by Jeff Simon
The Buffalo News
“It won’t be released for another month but when it is, Vijay Iyer’s new Sunnyside disc “Tragicomic” is a near-certainty to be acclaimed as one of the best jazz discs of the year.
What is also a near-certainty is that the Iyer quartet concert that will doubtless preview some of the material in “Tragicomic” in the Albright- Knox Gallery at 3 p.m. Sunday will be one of the major events in this entire season of Albright-Knox Art of Jazz concerts.
Writes Iyer in the disc’s notes to explain the title: “Cornel West decodes the blues aesthetic as a tragicomic sensibility stemming from a sustained encounter with arguably history’s greatest, cruelest absurdity . . . A tragicomic outlook can ease our pains of metamorphosis and help us dream the next phase into being. That’s how and why this music was made.”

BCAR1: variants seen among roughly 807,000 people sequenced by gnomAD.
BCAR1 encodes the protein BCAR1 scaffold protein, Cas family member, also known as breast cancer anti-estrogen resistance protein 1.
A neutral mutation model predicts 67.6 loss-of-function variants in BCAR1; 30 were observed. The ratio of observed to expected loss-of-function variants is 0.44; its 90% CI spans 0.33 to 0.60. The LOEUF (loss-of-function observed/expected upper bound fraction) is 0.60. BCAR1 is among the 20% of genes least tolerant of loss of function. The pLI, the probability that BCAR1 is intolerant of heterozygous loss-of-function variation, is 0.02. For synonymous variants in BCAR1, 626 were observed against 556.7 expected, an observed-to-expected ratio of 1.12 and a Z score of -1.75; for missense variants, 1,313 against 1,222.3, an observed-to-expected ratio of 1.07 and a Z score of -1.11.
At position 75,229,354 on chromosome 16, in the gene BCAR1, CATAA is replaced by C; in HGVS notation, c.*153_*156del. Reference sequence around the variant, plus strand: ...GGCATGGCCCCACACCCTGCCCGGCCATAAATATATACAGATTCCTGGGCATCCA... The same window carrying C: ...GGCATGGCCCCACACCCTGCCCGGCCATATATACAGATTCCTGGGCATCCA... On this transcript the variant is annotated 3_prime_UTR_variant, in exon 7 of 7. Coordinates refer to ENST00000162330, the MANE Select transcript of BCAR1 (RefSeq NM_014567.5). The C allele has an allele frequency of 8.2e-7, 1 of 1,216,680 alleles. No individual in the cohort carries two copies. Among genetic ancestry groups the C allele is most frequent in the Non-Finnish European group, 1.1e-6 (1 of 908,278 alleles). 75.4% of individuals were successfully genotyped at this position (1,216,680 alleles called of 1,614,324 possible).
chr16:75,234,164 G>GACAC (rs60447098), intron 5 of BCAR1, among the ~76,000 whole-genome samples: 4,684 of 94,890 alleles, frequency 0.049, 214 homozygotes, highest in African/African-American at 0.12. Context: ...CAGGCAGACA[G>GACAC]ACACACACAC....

And what a quartet the Indian/ American pianist has making it – his frequent partner alto saxophonist Rudresh Mahanthappa, bassist Stephan Crump and drummer Marcus Gilmore, the grandson, no less, of the great Roy Haynes. And how starkly beautiful and powerful is the music on it.
It is dark, insistent music, reminiscent in its modal harmonies and haunted minimalism and angularity of the best music of the late pianist Mal Waldron. Unlike Waldron, though, who was mostly known for his records with Coltrane and as Billie Holiday’s pianist, the 36-year-old Iyer has been an increasingly praised composer/pianist throughout his career. This, after all, is a Yale graduate with a masters in physics and an “interdisciplinary Ph.D. in Technology and the Arts” from the University of California at Berkley. He represents, along with Brad Mehldau, another pianist his age, an almost entirely different kind of jazz pianist – formidably intellectual and not the slightest bit shy about it.